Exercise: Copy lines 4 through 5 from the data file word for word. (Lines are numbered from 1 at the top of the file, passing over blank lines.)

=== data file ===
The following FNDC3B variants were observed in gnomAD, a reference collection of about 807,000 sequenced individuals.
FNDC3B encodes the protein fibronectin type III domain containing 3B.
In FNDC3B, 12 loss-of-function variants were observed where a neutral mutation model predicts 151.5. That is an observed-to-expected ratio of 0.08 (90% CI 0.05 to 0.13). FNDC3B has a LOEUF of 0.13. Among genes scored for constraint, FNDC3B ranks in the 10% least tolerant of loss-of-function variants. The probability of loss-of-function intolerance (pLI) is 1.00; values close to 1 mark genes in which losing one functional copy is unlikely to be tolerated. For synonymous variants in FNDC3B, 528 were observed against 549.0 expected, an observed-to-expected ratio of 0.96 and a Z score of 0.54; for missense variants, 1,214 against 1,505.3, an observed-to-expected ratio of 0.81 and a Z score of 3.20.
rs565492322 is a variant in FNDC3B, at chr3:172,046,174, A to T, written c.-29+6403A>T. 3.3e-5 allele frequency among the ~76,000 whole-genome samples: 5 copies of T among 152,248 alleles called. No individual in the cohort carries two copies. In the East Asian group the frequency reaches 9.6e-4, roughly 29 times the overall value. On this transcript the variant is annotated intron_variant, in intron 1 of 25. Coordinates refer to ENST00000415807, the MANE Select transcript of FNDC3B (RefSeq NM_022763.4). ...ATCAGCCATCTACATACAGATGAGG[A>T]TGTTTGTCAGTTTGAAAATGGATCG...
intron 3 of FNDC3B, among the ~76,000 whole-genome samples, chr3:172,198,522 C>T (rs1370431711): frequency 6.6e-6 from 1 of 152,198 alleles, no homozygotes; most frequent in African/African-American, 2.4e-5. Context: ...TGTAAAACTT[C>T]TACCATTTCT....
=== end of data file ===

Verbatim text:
rs565492322 is a variant in FNDC3B, at chr3:172,046,174, A to T, written c.-29+6403A>T. 3.3e-5 allele frequency among the ~76,000 whole-genome samples: 5 copies of T among 152,248 alleles called. No individual in the cohort carries two copies. In the East Asian group the frequency reaches 9.6e-4, roughly 29 times the overall value. On this transcript the variant is annotated intron_variant, in intron 1 of 25. Coordinates refer to ENST00000415807, the MANE Select transcript of FNDC3B (RefSeq NM_022763.4). ...ATCAGCCATCTACATACAGATGAGG[A>T]TGTTTGTCAGTTTGAAAATGGATCG...
intron 3 of FNDC3B, among the ~76,000 whole-genome samples, chr3:172,198,522 C>T (rs1370431711): frequency 6.6e-6 from 1 of 152,198 alleles, no homozygotes; most frequent in African/African-American, 2.4e-5. Context: ...TGTAAAACTT[C>T]TACCATTTCT....